- Banking & Finance
- Employment & Unemployment
- Future of Work
- Gender at Work
- Gig Economy
- Industry & Sector Policies
- Infrastructure & Construction
- Insecure & Precarious Work
- Labour Standards & Workers' Rights
- Population & Migration
- Public Sector, Procurement & Privatisation
- Science & Technology
- Social Security & Welfare
- Tax, Spending & the Budget
- Unions & Collective Bargaining
- Wages & Entitlements
- Young Workers
- Climate & Energy
- Democracy & Accountability
- International & Security Affairs
- Law, Society & Culture
Justice for all
In order to receive fair treatment through the legal system, it is often necessary to seek assistance from a lawyer. This can be an expensive exercise, depending on the matter to be resolved and one’s capacity to pay for it. The financial costs of pursuing justice can be so high that a great many people
Polluted time: Blurring the boundaries between work and life
In recent decades technology has revolutionised the way companies do business and workers do their jobs. From the very top of organisations to the most menial and low-paid roles, the great majority of employees now use information and communication technology to some extent for work. Some spend their entire working lives in front of a screen of some sort.
What you don’t know can hurt you: How market concentration threatens internet diversity
The internet today stands at a crossroads. Entry into the online marketplace is in theory open to virtually anyone with sufficient technological know-how and a viable business model. As a result, the World Wide Web is now the very model of diversity, with more information, more products and more opinions accessible more easily than through
The rise and rise of online retail
The online retail boom has begun and it is unlikely to abate soon. According to Southern Cross Equities (2010) domestic online retailers have doubled their market share to 4.0 per cent of 2010 annual sales up from 2.1 per cent in 2005. In addition, overseas purchases driven by a strong dollar and falling shipping prices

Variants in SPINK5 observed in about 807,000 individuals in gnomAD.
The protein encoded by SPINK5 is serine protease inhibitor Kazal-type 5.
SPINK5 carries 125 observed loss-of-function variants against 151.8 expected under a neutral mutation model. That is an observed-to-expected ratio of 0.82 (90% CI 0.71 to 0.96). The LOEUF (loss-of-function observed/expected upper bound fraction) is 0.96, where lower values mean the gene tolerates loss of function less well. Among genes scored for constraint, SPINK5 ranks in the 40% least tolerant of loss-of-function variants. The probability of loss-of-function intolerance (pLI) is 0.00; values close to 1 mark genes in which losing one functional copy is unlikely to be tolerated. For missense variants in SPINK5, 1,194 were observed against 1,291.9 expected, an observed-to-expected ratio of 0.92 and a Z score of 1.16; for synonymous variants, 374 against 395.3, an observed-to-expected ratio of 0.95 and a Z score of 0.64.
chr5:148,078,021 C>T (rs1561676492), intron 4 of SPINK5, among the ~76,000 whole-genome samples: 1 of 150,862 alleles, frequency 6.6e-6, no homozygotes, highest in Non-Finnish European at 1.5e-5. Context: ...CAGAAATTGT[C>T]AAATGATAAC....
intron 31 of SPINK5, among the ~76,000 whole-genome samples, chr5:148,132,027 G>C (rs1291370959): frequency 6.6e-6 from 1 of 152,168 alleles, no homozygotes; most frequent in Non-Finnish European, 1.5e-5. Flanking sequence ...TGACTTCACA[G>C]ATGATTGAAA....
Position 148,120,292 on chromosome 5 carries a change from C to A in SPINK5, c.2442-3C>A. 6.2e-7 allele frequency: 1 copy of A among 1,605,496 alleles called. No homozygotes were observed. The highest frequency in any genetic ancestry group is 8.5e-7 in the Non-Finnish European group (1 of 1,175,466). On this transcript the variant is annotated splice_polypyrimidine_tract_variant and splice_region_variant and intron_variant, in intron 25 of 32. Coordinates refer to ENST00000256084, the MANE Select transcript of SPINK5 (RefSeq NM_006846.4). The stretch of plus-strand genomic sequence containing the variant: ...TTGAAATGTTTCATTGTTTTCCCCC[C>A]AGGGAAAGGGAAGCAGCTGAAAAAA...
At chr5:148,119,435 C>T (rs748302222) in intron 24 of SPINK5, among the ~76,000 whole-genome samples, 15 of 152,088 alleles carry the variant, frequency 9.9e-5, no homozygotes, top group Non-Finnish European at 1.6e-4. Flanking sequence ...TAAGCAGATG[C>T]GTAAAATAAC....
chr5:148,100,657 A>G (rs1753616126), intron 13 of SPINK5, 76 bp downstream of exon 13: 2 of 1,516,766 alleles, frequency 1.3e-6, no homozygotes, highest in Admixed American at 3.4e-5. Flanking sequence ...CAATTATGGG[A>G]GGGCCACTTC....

The price of disloyalty: Why competition has failed to lower ATM fees
One of the most expensive ways for Australians to access their own money is by using an automatic teller machine (ATM) that is not provided by their own bank. In most cases, third-party ATMs charge $2 for every transaction, including checking one’s account balance. In other words, $2 is the price consumers pay every time
Long time, no see: The impact of time poverty on Australian workers
Time, as they say, is money. In fact, one of the most important aspects of our lives – what we do for a living – involves exchanging our time, in the form of labour, for money. Yet, millions of Australians ‘donate’ unpaid overtime to their employers on a regular basis. Like money, time is vital
Money and Power: The case for better regulation in banking
The power of Australia’s big four banks is unmistakeable. Their underlying profits equate to almost three per cent of GDP, up from less than one per cent a quarter of a century ago. Of every $100 spent in Australia, nearly $3 ends up as underlying profit for the banks. Profits are so high because the
Measuring what Matters: Do Australians have good access to primary health care?
This paper presents the first data collected for the Measuring what Matters indicators; access to primary health care. The paper begins by presenting new data on why people say they wish to see a doctor and then reports the degree of difficulty that Australians experience as to their ability to make appointments with doctors at
Something for Nothing: Unpaid overtime in Australia
This paper reveals that Australian workers are ‘donating’ more than their annual leave entitlement back to their employers in the form of unpaid overtime. The typical full-time employee in Australia works 70 minutes of unpaid overtime a day. This equates to 33 eight-hour days per year, or six and a half standard working weeks. Something
What a waste: An analysis of household expenditure on food